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Monday, March 7, 2016

The NRA Speaks Out Against Packing Heat

The NRA Speaks Out Against Packing Heat

It may surprise you to discover that the National Rifle Association has recently strayed quite far from its traditional moderate views to embrace much more radical policies. For instance, the position of the NRA on carrying guns in public has changed over time.

Has the leadership of the NRA embraced the developing maturation of American social conscience, or have they been lured to pander to the interests of weapon manufacturers? I usually try to resist cut-and-paste columns, but I want to offer some cherry-picked quotations drawn from “academic histories of the NRA” for your consideration.

“I have never believed in the general practice of carrying weapons. I do not believe in the general promiscuous toting of guns. I think it should be sharply restricted and only under licenses.” - NRA President Karl T. Frederick, praising state gun control laws when he testified in Congress before the 1938 federal gun control law passed.

“We do think that any sane American, who calls himself an American, can object to placing into this bill the instrument which killed the president of the United States.” - NRA Executive Vice-President Franklin Orth in testimony to Congress, shortly after Lee Harvey Oswald shot and killed President John F. Kennedy.

“There’s no reason why on the street today a citizen should be carrying loaded weapons. … [guns are] a ridiculous way to solve problems that have to be solved among people of good will.” California Gov. Ronald Reagan (May 1967).

Ronald Reagan also spoke to Congress in favor of the Brady Bill’s waiting periods and background checks: “You do know that I am a member of the NRA and my position on the right to bear arms is well known, but I want you to know something else, and I am going to say it in clear, unmistakable language: I support the Brady Bill and I urge Congress to enact it without further delay.”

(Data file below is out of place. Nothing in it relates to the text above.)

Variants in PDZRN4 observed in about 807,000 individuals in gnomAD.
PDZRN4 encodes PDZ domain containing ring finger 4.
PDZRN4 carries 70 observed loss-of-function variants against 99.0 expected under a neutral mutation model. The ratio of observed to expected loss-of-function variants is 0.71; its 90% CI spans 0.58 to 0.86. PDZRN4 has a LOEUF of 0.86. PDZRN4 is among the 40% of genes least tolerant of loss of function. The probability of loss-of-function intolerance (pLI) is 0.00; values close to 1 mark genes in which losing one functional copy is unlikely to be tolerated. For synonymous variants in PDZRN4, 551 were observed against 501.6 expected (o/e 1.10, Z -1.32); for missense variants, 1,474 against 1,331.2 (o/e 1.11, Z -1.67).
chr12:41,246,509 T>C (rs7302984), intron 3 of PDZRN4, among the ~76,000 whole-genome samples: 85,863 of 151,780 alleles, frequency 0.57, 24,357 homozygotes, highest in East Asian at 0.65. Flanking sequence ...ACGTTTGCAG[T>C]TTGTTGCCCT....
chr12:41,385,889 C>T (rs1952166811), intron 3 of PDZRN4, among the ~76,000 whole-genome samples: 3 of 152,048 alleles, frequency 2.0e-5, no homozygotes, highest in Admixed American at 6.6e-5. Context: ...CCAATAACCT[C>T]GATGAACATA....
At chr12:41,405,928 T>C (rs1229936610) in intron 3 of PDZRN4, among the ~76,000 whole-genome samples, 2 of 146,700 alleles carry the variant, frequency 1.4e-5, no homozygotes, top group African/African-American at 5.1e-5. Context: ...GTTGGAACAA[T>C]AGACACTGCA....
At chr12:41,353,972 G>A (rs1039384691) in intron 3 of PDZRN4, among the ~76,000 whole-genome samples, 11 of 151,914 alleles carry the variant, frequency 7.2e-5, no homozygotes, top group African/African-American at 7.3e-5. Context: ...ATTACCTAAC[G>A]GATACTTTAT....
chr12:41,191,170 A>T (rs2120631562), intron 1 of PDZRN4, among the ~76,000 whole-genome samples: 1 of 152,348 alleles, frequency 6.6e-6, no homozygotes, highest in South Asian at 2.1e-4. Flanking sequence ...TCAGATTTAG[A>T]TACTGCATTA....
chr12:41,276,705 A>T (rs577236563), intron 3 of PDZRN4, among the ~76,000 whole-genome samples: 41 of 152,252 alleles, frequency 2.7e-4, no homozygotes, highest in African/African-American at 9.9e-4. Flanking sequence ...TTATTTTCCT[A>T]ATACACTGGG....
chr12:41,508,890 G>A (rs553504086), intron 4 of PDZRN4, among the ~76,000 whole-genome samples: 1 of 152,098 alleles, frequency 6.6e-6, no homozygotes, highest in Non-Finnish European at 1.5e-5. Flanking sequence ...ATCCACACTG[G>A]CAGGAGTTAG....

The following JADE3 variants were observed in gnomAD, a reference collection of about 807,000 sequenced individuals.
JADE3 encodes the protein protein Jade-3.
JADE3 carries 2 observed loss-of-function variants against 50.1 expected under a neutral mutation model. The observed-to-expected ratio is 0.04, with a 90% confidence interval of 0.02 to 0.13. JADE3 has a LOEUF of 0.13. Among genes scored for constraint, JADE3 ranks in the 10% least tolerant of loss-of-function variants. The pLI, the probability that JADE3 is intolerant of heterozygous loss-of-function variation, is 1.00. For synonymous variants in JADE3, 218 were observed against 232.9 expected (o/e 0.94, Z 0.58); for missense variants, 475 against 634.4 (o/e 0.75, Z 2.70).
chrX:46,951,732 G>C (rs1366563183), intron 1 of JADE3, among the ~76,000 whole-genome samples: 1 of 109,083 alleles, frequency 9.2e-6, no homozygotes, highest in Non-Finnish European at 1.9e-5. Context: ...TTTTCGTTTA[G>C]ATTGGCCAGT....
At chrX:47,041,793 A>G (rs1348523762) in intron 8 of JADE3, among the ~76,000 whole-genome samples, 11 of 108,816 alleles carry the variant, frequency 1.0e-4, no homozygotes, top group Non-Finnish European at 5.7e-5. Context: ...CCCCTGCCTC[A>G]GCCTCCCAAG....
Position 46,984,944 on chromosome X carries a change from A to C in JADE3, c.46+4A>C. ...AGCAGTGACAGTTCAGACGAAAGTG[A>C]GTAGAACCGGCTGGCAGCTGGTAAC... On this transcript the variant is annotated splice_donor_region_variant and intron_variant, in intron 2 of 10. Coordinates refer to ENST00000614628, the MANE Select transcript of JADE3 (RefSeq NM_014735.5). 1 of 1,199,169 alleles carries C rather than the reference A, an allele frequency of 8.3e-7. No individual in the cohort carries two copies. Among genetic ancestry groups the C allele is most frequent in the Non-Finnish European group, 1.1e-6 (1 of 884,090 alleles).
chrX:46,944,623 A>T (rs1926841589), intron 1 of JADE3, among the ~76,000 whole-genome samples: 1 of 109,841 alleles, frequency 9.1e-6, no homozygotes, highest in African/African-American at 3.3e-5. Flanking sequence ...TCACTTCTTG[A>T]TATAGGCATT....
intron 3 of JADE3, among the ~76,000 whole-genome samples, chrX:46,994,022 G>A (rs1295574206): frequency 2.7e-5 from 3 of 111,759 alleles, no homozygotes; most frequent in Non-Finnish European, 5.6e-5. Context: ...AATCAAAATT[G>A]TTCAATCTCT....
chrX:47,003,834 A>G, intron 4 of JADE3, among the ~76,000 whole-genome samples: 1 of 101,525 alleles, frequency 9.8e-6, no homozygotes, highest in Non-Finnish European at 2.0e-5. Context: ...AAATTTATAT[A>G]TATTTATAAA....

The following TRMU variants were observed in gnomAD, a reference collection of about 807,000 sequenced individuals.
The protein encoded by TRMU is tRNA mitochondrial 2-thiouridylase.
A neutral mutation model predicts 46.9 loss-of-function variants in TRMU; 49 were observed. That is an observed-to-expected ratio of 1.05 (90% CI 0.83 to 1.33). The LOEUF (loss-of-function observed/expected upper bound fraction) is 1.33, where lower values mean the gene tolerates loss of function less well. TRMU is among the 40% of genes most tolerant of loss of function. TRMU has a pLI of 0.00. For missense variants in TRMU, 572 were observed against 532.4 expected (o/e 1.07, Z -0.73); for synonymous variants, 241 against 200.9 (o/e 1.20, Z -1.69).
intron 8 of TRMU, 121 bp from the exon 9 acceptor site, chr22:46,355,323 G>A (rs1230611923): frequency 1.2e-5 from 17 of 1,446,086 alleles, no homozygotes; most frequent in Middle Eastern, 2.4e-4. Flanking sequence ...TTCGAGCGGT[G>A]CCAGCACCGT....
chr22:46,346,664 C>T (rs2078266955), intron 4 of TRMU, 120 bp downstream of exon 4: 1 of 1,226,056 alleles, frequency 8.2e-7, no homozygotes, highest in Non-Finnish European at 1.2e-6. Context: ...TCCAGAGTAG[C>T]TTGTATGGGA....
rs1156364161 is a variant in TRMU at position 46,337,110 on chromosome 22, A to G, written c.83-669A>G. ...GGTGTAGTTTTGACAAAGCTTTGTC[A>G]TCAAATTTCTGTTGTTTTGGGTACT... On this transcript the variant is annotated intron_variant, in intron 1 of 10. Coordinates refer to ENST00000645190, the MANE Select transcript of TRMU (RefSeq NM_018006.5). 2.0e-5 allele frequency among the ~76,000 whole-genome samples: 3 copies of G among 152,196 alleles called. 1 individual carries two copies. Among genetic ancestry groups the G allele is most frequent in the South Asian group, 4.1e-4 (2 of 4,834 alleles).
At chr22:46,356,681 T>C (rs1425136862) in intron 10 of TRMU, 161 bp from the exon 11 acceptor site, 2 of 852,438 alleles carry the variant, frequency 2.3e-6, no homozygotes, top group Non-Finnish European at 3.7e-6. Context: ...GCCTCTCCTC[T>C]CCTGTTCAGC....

Also consider former U.S. Supreme Court Chief Justice Warren Burger (a Republican appointee), “To ‘keep and bear arms’ for hunting today is essentially a recreational activity and not an imperative of survival, as it was 200 years ago; ‘Saturday night specials’ and machine guns are not recreational weapons and surely are as much in need of regulation as motor vehicles.” (January 1990) Also: “[The Second Amendment] has been the subject of one of the greatest pieces of fraud, I repeat the word fraud, on the American public by special interest groups that I have ever seen in my lifetime.” (PBS “News Hour,” 1991)

The closer we look at our passions of the moment, the more we tend to lose sight of the larger picture and greater context. Why do we vigorously defend the accepted wisdom of today’s authorities as sacred writ without actually stopping to think about how our convictions developed or may need to change?
  • ·         Does arming as many citizens as possible actually protect more people from violence?
  • ·         Is America, with its gun culture, safer than other developed countries with tighter firearm regulations?
  • ·         Should potentially lethal items such as automobiles, medical devices and guns require special training, licenses and insurance?
  • ·         Should we be alarmed that the most-vocal defenders of “gun rights” are also the most vocal about being able to personally take “Second Amendment remedies?”
  • ·         If you saw someone carrying a firearm into your bank, would you be more likely to congratulate his patriotism and offer to buy him a cup of coffee or leave the building and call 911?
The attitudes now defended as inviolable truth are, in fact, the products of a dynamic and developing past. We should acknowledge that our society’s future needs are also subject to necessary change. We should make it our mission to disengage our minds and hearts from hostility and aggression and our fingers from triggers.

Ref: “Gunfight: The Battle Over the Right to Bear Arms in America,” Adam Winkler, 2011

David Satterlee

[Oh, BTW, WWJD?]